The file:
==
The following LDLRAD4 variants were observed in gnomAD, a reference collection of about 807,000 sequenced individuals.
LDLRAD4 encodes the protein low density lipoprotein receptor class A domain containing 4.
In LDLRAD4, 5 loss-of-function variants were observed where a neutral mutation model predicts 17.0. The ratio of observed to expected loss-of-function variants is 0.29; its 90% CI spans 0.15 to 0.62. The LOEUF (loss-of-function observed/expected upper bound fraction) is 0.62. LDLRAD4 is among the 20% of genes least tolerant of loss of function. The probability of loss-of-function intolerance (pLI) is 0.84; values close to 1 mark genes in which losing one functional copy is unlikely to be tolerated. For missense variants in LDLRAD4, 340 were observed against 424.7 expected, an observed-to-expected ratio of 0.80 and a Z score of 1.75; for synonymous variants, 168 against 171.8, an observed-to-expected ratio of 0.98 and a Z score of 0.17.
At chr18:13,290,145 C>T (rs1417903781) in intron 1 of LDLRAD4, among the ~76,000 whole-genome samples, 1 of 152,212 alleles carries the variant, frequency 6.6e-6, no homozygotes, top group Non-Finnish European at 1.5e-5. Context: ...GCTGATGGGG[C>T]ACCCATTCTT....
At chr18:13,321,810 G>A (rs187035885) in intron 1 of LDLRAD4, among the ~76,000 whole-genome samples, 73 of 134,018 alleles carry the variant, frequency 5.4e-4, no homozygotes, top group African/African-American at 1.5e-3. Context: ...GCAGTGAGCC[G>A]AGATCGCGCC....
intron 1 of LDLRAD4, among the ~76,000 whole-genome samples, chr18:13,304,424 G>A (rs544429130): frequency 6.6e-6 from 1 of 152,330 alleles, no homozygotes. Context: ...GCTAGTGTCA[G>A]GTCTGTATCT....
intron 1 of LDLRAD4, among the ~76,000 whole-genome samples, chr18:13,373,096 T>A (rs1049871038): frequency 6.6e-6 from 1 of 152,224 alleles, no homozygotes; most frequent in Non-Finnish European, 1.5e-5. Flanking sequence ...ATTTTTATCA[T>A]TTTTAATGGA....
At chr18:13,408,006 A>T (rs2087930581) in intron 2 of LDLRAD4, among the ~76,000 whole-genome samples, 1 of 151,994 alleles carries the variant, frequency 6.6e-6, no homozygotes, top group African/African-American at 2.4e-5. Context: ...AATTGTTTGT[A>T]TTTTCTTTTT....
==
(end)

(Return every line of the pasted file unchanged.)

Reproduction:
The following LDLRAD4 variants were observed in gnomAD, a reference collection of about 807,000 sequenced individuals.
LDLRAD4 encodes the protein low density lipoprotein receptor class A domain containing 4.
In LDLRAD4, 5 loss-of-function variants were observed where a neutral mutation model predicts 17.0. The ratio of observed to expected loss-of-function variants is 0.29; its 90% CI spans 0.15 to 0.62. The LOEUF (loss-of-function observed/expected upper bound fraction) is 0.62. LDLRAD4 is among the 20% of genes least tolerant of loss of function. The probability of loss-of-function intolerance (pLI) is 0.84; values close to 1 mark genes in which losing one functional copy is unlikely to be tolerated. For missense variants in LDLRAD4, 340 were observed against 424.7 expected, an observed-to-expected ratio of 0.80 and a Z score of 1.75; for synonymous variants, 168 against 171.8, an observed-to-expected ratio of 0.98 and a Z score of 0.17.
At chr18:13,290,145 C>T (rs1417903781) in intron 1 of LDLRAD4, among the ~76,000 whole-genome samples, 1 of 152,212 alleles carries the variant, frequency 6.6e-6, no homozygotes, top group Non-Finnish European at 1.5e-5. Context: ...GCTGATGGGG[C>T]ACCCATTCTT....
At chr18:13,321,810 G>A (rs187035885) in intron 1 of LDLRAD4, among the ~76,000 whole-genome samples, 73 of 134,018 alleles carry the variant, frequency 5.4e-4, no homozygotes, top group African/African-American at 1.5e-3. Context: ...GCAGTGAGCC[G>A]AGATCGCGCC....
intron 1 of LDLRAD4, among the ~76,000 whole-genome samples, chr18:13,304,424 G>A (rs544429130): frequency 6.6e-6 from 1 of 152,330 alleles, no homozygotes. Context: ...GCTAGTGTCA[G>A]GTCTGTATCT....
intron 1 of LDLRAD4, among the ~76,000 whole-genome samples, chr18:13,373,096 T>A (rs1049871038): frequency 6.6e-6 from 1 of 152,224 alleles, no homozygotes; most frequent in Non-Finnish European, 1.5e-5. Flanking sequence ...ATTTTTATCA[T>A]TTTTAATGGA....
At chr18:13,408,006 A>T (rs2087930581) in intron 2 of LDLRAD4, among the ~76,000 whole-genome samples, 1 of 151,994 alleles carries the variant, frequency 6.6e-6, no homozygotes, top group African/African-American at 2.4e-5. Context: ...AATTGTTTGT[A>T]TTTTCTTTTT....